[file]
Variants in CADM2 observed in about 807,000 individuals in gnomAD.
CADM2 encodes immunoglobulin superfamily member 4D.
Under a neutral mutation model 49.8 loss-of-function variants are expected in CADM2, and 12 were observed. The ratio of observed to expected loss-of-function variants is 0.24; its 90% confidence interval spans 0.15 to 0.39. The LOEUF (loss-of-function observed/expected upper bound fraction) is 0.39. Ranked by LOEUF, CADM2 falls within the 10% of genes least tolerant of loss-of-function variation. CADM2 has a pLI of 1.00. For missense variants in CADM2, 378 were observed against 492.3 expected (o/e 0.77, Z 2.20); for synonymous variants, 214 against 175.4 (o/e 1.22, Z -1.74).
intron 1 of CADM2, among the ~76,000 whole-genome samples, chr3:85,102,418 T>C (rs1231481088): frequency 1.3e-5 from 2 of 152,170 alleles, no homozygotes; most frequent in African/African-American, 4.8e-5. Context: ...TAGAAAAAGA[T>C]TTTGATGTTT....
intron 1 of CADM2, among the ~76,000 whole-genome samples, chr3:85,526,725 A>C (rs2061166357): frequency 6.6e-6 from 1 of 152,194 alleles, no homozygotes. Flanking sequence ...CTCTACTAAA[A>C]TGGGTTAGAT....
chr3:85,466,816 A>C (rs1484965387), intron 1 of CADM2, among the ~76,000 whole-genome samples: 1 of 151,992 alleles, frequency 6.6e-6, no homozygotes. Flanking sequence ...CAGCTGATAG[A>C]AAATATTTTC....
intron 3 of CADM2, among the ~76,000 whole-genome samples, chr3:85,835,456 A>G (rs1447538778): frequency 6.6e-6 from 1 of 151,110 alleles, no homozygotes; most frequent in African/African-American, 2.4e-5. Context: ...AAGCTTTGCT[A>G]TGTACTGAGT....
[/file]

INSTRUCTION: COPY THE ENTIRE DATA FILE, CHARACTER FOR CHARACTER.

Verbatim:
Variants in CADM2 observed in about 807,000 individuals in gnomAD.
CADM2 encodes immunoglobulin superfamily member 4D.
Under a neutral mutation model 49.8 loss-of-function variants are expected in CADM2, and 12 were observed. The ratio of observed to expected loss-of-function variants is 0.24; its 90% confidence interval spans 0.15 to 0.39. The LOEUF (loss-of-function observed/expected upper bound fraction) is 0.39. Ranked by LOEUF, CADM2 falls within the 10% of genes least tolerant of loss-of-function variation. CADM2 has a pLI of 1.00. For missense variants in CADM2, 378 were observed against 492.3 expected (o/e 0.77, Z 2.20); for synonymous variants, 214 against 175.4 (o/e 1.22, Z -1.74).
intron 1 of CADM2, among the ~76,000 whole-genome samples, chr3:85,102,418 T>C (rs1231481088): frequency 1.3e-5 from 2 of 152,170 alleles, no homozygotes; most frequent in African/African-American, 4.8e-5. Context: ...TAGAAAAAGA[T>C]TTTGATGTTT....
intron 1 of CADM2, among the ~76,000 whole-genome samples, chr3:85,526,725 A>C (rs2061166357): frequency 6.6e-6 from 1 of 152,194 alleles, no homozygotes. Flanking sequence ...CTCTACTAAA[A>C]TGGGTTAGAT....
chr3:85,466,816 A>C (rs1484965387), intron 1 of CADM2, among the ~76,000 whole-genome samples: 1 of 151,992 alleles, frequency 6.6e-6, no homozygotes. Flanking sequence ...CAGCTGATAG[A>C]AAATATTTTC....
intron 3 of CADM2, among the ~76,000 whole-genome samples, chr3:85,835,456 A>G (rs1447538778): frequency 6.6e-6 from 1 of 151,110 alleles, no homozygotes; most frequent in African/African-American, 2.4e-5. Context: ...AAGCTTTGCT[A>G]TGTACTGAGT....